Talking with a Coptic Christian

As I told you in my last blog, we have been studying spirituality around the world. In our lecture, we spoke to a Coptic Christian from Egypt. ‘Coptic’ is the type of Egyptian writing that came after hieroglyphics, and became the language of Egypt, and therefore the language of the early Christians—people like Origen & Co. The chap we spoke to, spoke to us in English. Not much has been written in the past by Coptic Christians, and we were told that this is partly because it was a difficult place to be a Christian. He spoke about the ancient church in Alexandria, commenting that, “We produced more martyrs than books!”

He explained that the Coptic church is known as the church of the people, and it works with the poor people in Egypt. He said that Christ was found with the poor people, and that is where their focus is. Later, I asked him about all the money, and gilt and splendour, that I had seen in the Coptic churches in Cairo. How does that tally with their aim to work amongst the poor? He told me that it generally is the poor people who provide the money for the beautiful churches, that they want to contribute, to show how much they value God. He also said that in a country where they are the minority religion, it is very important to have a ‘presence’ and to be seen. It would be easy for the media to discount them, for governments to say there were no Coptic Christians—harder to do that when there is a stonking great temple in every city. This is something I hadn’t considered (it’s very easy to judge cultures before we understand them).

As a minority church in the country, their ‘outreach’ has to be different than in Western countries. They strive to do everything well, to live their lives authentically, and to work honestly. This is the way they hope to be noticed, and for people to be attracted to their church. (I think that in an Islamic country, you are not allowed to speak with Muslim people about your faith.) This tallies with what we saw in Cairo, where the Zabbaleen people (who are Coptic) collect the city’s rubbish, and are known for doing it better than anyone else.

When asked about people converting to Christianity, he said that they would only want people to do that who are sure they want to follow Jesus, not because they have been ’persuaded’ into it—because converting from Islam means risking so much.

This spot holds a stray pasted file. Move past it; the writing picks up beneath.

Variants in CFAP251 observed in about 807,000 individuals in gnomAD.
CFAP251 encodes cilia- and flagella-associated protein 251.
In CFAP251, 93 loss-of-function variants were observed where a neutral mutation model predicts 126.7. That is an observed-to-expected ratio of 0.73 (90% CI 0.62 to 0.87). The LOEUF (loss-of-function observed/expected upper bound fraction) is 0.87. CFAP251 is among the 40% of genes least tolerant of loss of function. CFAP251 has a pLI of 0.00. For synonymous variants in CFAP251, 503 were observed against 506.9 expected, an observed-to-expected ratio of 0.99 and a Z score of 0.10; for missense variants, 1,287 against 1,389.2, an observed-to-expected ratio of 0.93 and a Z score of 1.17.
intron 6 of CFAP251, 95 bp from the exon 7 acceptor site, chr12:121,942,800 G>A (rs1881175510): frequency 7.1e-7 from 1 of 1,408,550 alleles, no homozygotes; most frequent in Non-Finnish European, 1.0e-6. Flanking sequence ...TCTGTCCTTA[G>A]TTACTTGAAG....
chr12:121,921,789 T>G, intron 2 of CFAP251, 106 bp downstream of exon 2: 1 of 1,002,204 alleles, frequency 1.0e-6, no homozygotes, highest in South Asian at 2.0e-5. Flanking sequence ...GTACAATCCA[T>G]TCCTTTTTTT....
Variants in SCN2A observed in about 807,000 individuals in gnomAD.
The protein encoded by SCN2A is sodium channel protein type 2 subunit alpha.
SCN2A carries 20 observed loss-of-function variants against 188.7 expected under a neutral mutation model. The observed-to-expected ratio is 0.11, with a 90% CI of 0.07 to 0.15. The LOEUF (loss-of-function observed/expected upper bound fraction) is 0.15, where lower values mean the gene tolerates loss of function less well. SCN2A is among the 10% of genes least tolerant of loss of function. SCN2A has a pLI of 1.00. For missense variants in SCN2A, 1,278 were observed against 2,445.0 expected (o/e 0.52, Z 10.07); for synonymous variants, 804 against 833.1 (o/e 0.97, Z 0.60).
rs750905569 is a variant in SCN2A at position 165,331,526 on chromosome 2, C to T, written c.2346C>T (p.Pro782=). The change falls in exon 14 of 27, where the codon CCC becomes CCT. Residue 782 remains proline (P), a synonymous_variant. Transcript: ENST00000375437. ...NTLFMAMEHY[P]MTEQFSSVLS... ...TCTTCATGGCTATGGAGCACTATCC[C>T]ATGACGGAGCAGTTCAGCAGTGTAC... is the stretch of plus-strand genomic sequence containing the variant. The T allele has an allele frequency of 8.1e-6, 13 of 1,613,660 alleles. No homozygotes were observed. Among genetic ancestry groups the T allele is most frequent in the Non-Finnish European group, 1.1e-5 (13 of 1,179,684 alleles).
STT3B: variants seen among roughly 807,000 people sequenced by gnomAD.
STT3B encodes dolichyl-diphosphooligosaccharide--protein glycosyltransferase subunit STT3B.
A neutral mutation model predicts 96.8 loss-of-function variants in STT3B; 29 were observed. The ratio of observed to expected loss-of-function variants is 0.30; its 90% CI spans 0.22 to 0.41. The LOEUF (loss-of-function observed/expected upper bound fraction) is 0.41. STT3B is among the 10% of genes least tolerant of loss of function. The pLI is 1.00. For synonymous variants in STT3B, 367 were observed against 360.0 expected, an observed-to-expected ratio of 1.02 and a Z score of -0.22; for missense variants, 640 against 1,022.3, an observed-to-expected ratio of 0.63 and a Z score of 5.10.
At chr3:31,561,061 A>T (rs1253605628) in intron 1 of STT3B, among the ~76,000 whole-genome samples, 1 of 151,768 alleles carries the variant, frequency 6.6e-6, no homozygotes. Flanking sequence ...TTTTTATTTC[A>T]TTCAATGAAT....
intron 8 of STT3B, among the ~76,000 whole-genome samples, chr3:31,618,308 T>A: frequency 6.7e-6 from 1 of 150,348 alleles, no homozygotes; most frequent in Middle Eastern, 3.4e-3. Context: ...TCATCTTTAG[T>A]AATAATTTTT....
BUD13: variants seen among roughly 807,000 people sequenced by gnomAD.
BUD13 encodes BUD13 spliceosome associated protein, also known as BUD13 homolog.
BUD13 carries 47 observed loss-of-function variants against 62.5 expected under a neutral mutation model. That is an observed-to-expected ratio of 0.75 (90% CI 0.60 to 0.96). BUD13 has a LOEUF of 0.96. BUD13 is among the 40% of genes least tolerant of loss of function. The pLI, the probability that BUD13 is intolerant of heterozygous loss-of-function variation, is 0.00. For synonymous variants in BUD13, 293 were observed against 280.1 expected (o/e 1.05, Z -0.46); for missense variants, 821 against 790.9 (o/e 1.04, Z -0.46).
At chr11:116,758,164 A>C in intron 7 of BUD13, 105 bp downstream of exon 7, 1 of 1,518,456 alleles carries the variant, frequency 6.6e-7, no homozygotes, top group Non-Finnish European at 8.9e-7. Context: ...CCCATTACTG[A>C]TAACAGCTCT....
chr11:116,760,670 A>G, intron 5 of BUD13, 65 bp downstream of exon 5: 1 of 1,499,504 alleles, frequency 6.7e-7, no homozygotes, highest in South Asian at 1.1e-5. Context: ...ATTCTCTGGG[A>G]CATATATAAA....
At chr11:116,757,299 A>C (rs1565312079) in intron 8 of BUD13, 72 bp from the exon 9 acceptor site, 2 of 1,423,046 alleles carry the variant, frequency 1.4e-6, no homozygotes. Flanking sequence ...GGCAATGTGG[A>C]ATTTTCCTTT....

He showed us his ‘Book of Hours,’ which is a tiny book of Psalms. They read it at regular intervals throughout the day—like when they wake, at mealtimes, when they go to bed. I thought that was a good practice to copy, it’s hard sometimes to even think about God during the day, even, ironically, when studying for an MA in Theology. My Muslim friends are currently fasting during daylight hours for Ramadan, and I admire their determination and wonder whether we have grown too ‘soft’ in our Christian churches. Sometimes a routine/discipline is a good thing. He also spoke about the monastic tradition. He likened this to the Bible story where Moses is praying while Joshua fights a battle. He said the monks are the ones praying, and studying Scripture, aiding the Christians who are outside the monastery. Most people go to the monastery for retreats, when they join the quiet contemplation for a while and learn from the monks (and share with them what is happening in the world). It’s different, but I can see how it would work.

As I said on Monday, we only had one seminar about global Christianity, but even the little we covered challenged some of my preconceived ideas. Churches in different countries need to find the best way to do things within the culture they live in. Often, this will be very different to how we do things in the West.

Thanks for reading. I hope you have a good week.
Take care.
Love, Anne x

Thanks for reading.


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